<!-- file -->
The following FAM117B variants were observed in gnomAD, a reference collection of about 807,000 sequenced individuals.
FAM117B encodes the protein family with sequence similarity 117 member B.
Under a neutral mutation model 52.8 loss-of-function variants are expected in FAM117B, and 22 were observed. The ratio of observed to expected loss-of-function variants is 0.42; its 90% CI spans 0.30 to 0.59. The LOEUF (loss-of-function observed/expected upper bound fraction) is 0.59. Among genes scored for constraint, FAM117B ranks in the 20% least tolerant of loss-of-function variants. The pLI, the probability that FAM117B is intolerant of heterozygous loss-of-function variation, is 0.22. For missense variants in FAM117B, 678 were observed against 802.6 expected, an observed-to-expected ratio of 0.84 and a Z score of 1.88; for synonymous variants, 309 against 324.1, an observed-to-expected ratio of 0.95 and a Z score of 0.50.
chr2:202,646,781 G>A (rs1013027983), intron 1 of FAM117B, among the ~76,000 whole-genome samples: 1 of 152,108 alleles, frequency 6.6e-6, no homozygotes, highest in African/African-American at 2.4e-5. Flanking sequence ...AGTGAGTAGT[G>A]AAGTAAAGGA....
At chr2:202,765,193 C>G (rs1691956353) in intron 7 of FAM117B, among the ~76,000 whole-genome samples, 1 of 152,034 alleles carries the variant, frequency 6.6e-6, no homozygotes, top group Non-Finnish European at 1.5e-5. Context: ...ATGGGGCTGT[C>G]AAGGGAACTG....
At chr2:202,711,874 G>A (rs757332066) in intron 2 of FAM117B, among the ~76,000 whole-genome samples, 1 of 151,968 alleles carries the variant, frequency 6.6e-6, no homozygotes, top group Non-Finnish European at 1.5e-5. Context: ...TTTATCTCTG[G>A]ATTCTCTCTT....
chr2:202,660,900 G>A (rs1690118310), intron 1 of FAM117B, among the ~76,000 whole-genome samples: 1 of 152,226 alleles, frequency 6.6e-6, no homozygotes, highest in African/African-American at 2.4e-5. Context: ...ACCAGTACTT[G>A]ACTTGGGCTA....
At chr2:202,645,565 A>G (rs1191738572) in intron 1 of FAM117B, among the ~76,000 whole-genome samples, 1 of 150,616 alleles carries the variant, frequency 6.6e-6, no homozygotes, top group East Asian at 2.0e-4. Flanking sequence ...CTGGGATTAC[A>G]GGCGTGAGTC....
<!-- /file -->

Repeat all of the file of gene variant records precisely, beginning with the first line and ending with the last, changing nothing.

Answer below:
The following FAM117B variants were observed in gnomAD, a reference collection of about 807,000 sequenced individuals.
FAM117B encodes the protein family with sequence similarity 117 member B.
Under a neutral mutation model 52.8 loss-of-function variants are expected in FAM117B, and 22 were observed. The ratio of observed to expected loss-of-function variants is 0.42; its 90% CI spans 0.30 to 0.59. The LOEUF (loss-of-function observed/expected upper bound fraction) is 0.59. Among genes scored for constraint, FAM117B ranks in the 20% least tolerant of loss-of-function variants. The pLI, the probability that FAM117B is intolerant of heterozygous loss-of-function variation, is 0.22. For missense variants in FAM117B, 678 were observed against 802.6 expected, an observed-to-expected ratio of 0.84 and a Z score of 1.88; for synonymous variants, 309 against 324.1, an observed-to-expected ratio of 0.95 and a Z score of 0.50.
chr2:202,646,781 G>A (rs1013027983), intron 1 of FAM117B, among the ~76,000 whole-genome samples: 1 of 152,108 alleles, frequency 6.6e-6, no homozygotes, highest in African/African-American at 2.4e-5. Flanking sequence ...AGTGAGTAGT[G>A]AAGTAAAGGA....
At chr2:202,765,193 C>G (rs1691956353) in intron 7 of FAM117B, among the ~76,000 whole-genome samples, 1 of 152,034 alleles carries the variant, frequency 6.6e-6, no homozygotes, top group Non-Finnish European at 1.5e-5. Context: ...ATGGGGCTGT[C>G]AAGGGAACTG....
At chr2:202,711,874 G>A (rs757332066) in intron 2 of FAM117B, among the ~76,000 whole-genome samples, 1 of 151,968 alleles carries the variant, frequency 6.6e-6, no homozygotes, top group Non-Finnish European at 1.5e-5. Context: ...TTTATCTCTG[G>A]ATTCTCTCTT....
chr2:202,660,900 G>A (rs1690118310), intron 1 of FAM117B, among the ~76,000 whole-genome samples: 1 of 152,226 alleles, frequency 6.6e-6, no homozygotes, highest in African/African-American at 2.4e-5. Context: ...ACCAGTACTT[G>A]ACTTGGGCTA....
At chr2:202,645,565 A>G (rs1191738572) in intron 1 of FAM117B, among the ~76,000 whole-genome samples, 1 of 150,616 alleles carries the variant, frequency 6.6e-6, no homozygotes, top group East Asian at 2.0e-4. Flanking sequence ...CTGGGATTAC[A>G]GGCGTGAGTC....